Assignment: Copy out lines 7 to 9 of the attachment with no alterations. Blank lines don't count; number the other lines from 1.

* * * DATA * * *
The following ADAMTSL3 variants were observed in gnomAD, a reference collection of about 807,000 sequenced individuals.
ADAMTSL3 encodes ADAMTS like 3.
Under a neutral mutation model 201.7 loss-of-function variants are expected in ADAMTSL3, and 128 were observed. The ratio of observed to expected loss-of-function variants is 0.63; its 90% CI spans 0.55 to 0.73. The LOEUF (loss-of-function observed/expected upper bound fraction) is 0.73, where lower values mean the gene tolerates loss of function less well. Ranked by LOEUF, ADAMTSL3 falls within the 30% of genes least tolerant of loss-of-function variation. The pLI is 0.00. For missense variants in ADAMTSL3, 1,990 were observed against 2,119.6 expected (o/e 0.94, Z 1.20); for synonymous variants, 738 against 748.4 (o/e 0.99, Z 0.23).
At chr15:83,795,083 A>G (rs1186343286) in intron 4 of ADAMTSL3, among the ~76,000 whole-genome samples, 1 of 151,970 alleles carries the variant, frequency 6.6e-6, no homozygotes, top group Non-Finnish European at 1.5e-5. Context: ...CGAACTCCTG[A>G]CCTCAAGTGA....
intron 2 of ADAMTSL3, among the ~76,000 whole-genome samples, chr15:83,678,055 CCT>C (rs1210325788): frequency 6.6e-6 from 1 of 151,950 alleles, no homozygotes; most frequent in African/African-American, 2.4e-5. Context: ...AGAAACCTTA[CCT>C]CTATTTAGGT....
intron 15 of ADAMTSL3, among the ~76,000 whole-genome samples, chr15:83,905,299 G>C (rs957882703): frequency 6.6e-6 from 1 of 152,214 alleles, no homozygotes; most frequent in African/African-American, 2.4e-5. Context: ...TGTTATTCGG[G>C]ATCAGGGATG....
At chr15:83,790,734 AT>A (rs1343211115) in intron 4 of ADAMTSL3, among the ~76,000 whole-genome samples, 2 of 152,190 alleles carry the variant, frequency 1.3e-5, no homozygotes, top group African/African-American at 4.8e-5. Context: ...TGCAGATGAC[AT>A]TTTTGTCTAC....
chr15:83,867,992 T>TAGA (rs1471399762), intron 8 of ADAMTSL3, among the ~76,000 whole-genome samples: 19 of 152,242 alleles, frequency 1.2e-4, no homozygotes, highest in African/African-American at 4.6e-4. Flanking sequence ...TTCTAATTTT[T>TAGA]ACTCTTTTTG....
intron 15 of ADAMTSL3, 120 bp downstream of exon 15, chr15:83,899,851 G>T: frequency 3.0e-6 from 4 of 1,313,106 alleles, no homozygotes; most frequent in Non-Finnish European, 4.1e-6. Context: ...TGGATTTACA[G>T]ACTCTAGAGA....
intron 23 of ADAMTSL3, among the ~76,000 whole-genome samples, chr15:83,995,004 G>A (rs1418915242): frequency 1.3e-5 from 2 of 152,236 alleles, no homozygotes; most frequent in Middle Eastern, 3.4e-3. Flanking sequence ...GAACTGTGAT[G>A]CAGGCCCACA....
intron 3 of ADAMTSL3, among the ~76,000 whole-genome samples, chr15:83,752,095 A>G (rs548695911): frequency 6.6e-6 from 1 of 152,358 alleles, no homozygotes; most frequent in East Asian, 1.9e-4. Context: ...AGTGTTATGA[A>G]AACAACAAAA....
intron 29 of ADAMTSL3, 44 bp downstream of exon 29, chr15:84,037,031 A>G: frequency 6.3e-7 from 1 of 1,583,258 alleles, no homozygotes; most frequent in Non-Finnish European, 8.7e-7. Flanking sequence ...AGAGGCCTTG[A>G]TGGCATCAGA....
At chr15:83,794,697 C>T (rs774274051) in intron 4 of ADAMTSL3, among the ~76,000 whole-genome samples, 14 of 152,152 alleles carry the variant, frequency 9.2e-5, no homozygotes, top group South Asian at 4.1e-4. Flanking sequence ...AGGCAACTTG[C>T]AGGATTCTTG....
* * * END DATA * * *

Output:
At chr15:83,790,734 AT>A (rs1343211115) in intron 4 of ADAMTSL3, among the ~76,000 whole-genome samples, 2 of 152,190 alleles carry the variant, frequency 1.3e-5, no homozygotes, top group African/African-American at 4.8e-5. Context: ...TGCAGATGAC[AT>A]TTTTGTCTAC....
chr15:83,867,992 T>TAGA (rs1471399762), intron 8 of ADAMTSL3, among the ~76,000 whole-genome samples: 19 of 152,242 alleles, frequency 1.2e-4, no homozygotes, highest in African/African-American at 4.6e-4. Flanking sequence ...TTCTAATTTT[T>TAGA]ACTCTTTTTG....
intron 15 of ADAMTSL3, 120 bp downstream of exon 15, chr15:83,899,851 G>T: frequency 3.0e-6 from 4 of 1,313,106 alleles, no homozygotes; most frequent in Non-Finnish European, 4.1e-6. Context: ...TGGATTTACA[G>T]ACTCTAGAGA....